In the bivariate logistic regression analysis, Demand for LAPMs was associated significantly with age, respondents’ education, husbands’ occupational status, need for pregnancy, current pregnancy status, number of children desired, number of children ever born, number of children alive, knowledge of modern FP methods, knowledge of LAPMs, hearing about LAPMs from health professionals or radios, ever use of modern FP methods, duration of use, current use of contraceptives, ever use of LAPMs before, spousal discussion in the past 6 month about contraception, spousal discussion about contraception, frequency of discussion, husbands’ knowledge about use or non use of contraception, spousal discussion about which methods to use, perception of partner’s approval of using permanent methods after completing family size and decision about to use LAPMs. However, in the multivariate logistic regression analysis, demand for LAPMs was associated significantly with age, desire for more child, duration of desire to have child, number of children ever born, ever heard of modern FP, ever use of modern FP, spousal discussion in the past 6 month about modern family planning, spousal discussion about which method to use and perception of partner’s approval of permanent methods after completing family size (Table 6).
Table 6

Factors associated with Demand for LAPMs contraceptives among married women of reproductive age in Debre Markos town, North West Ethiopia, April 2012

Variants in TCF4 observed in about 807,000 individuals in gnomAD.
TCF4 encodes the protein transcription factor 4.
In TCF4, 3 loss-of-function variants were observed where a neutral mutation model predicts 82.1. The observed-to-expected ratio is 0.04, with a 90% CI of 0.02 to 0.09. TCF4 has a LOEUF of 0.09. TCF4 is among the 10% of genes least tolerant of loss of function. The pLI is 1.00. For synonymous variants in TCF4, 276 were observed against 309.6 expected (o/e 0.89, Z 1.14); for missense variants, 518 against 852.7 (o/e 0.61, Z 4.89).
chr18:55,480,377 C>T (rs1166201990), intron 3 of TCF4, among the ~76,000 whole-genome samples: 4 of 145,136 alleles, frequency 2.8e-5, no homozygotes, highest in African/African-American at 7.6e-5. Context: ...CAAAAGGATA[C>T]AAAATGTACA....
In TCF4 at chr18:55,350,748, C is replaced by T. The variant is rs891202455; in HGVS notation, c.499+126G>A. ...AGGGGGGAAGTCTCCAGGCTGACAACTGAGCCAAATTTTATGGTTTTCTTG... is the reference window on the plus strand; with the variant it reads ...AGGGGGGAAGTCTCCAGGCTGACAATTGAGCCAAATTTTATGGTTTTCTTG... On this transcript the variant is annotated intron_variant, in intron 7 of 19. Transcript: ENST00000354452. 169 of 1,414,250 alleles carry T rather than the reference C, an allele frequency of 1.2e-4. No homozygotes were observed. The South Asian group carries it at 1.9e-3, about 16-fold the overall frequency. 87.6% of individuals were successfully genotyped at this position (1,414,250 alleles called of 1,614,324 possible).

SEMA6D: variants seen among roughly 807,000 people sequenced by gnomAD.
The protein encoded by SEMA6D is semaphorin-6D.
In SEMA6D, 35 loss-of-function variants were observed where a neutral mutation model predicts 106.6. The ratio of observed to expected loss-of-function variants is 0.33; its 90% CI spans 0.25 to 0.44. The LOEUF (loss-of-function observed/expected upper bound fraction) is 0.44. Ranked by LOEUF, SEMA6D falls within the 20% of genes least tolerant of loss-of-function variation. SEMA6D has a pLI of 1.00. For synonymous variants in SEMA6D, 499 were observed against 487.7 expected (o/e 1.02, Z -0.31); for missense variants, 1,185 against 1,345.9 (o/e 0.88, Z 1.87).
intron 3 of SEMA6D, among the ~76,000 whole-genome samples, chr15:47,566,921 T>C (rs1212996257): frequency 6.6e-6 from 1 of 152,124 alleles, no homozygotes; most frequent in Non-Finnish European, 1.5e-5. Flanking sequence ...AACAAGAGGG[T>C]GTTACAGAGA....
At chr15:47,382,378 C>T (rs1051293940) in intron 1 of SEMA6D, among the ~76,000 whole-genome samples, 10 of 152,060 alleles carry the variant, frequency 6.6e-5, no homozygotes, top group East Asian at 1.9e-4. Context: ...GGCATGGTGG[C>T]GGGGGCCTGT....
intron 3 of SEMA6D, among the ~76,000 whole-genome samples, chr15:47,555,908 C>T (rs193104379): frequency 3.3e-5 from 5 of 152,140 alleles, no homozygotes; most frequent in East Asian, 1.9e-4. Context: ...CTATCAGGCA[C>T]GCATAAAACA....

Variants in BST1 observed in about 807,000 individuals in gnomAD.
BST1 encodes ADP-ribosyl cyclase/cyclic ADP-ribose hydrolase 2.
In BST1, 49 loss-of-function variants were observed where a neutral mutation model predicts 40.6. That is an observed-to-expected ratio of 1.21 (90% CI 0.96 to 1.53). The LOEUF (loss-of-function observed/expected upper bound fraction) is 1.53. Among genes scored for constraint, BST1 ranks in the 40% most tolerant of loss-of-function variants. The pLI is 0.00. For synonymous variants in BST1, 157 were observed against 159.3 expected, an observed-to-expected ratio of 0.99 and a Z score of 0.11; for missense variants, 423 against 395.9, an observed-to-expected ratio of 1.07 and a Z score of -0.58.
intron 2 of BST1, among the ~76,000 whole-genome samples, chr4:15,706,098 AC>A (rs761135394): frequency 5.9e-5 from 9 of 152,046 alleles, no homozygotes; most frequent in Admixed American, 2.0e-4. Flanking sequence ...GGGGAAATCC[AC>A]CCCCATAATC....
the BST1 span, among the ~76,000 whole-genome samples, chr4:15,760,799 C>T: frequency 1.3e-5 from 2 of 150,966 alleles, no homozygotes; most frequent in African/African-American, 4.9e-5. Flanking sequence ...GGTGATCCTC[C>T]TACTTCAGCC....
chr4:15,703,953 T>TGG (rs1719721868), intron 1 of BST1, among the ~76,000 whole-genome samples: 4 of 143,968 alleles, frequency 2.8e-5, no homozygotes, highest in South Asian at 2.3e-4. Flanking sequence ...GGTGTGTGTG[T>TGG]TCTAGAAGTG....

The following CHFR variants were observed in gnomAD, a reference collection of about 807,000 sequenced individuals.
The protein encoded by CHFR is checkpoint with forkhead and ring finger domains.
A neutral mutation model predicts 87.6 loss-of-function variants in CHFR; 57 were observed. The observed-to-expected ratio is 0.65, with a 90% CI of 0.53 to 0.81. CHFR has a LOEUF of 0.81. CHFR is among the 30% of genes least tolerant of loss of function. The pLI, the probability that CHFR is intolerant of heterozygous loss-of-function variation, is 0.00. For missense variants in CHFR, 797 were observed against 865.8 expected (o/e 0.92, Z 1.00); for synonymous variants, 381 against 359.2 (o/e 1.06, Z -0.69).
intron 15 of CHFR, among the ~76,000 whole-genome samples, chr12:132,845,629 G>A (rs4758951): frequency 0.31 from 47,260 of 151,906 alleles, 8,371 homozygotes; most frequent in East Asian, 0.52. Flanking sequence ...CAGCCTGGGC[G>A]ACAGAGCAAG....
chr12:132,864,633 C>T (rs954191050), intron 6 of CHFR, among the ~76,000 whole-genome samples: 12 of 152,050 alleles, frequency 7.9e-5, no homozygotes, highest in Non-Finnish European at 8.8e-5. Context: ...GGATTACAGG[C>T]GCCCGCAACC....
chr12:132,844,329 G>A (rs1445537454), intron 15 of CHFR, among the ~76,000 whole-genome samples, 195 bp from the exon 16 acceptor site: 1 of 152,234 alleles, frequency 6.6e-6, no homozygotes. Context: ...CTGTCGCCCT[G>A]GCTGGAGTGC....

Independent variable

Demand for LAPMs

Crude OR (95% CI)

Adjusted OR (95% CI)

P value

  

Yes

No

   

Age

15-19

17

13

1

1

 

20-24

49

71

0.528 (0.235-1.185)

0.43 (0.179-1.036)

0.060

25-24

62

67

0.708 (0.318-1.576)

0.601 (0.253-1.43)

0.250

30-34

39

46

0.648 (0.28-1.50)

0.625 (0.252-1.545)

0.308

35-39

50

34

1.125 (0.484-2.614)

1.195 (0.522-3.464)

0.702

40-44

40

12

2.55 (0.968-6.713)

2.819 (1.129-9.553)

0.049

45-49

15

4

2.87 (0.767-10.717)

3.33 (0.843-13.176)

0.086

Desire for more child

Yes

138

198

1

1

 

No

134

49

3.924 (2.649-5.812)

20.376 (9.28-44.72)

0.000

Duration of desire for child

Within two years

144

112

1

1

 

After two years

128

135

0.737 (0.522-1.042)

6.4 (3.04-13.478)

0.000

Number of children ever born

None

62

72

1

1

 

1

39

56

0.809 (0.475-1.376)

0.792 (0.460-1.366)

0.402

2

56

54

1.204 (0.727-1.996)

1.311 (0.778-2.208)

0.309

3

46

32

1.669 (0.949-2.936)

2.254 (1.218-4.171)

0.010

4

18

18

1.161 (0.556-2.425)

2.34 (1.04-5.26)

0.041

5+

51

15

3.95 (2.02-7.70)

9.0 (3.74-21.74)

0.000

Ever heard at least one of modern FP methods

Yes

257

245

1

1

 

No

15

2

0.14 (0.032-0.618)

5.7 (1.27-25.91)

0.023

Ever use of modern FP

Yes

184

222

1

1

 

No

88

25

4.25 (2.61-6.90)

1.89 (1.01-3.55)

0.048

Discussion with partner in the last 6 month

yes

98

137

1

1

 

No

174

110

2.21 (1.55-3.15)

1.64 (1.05-2.57)

0.030

Discussion with partner on method to use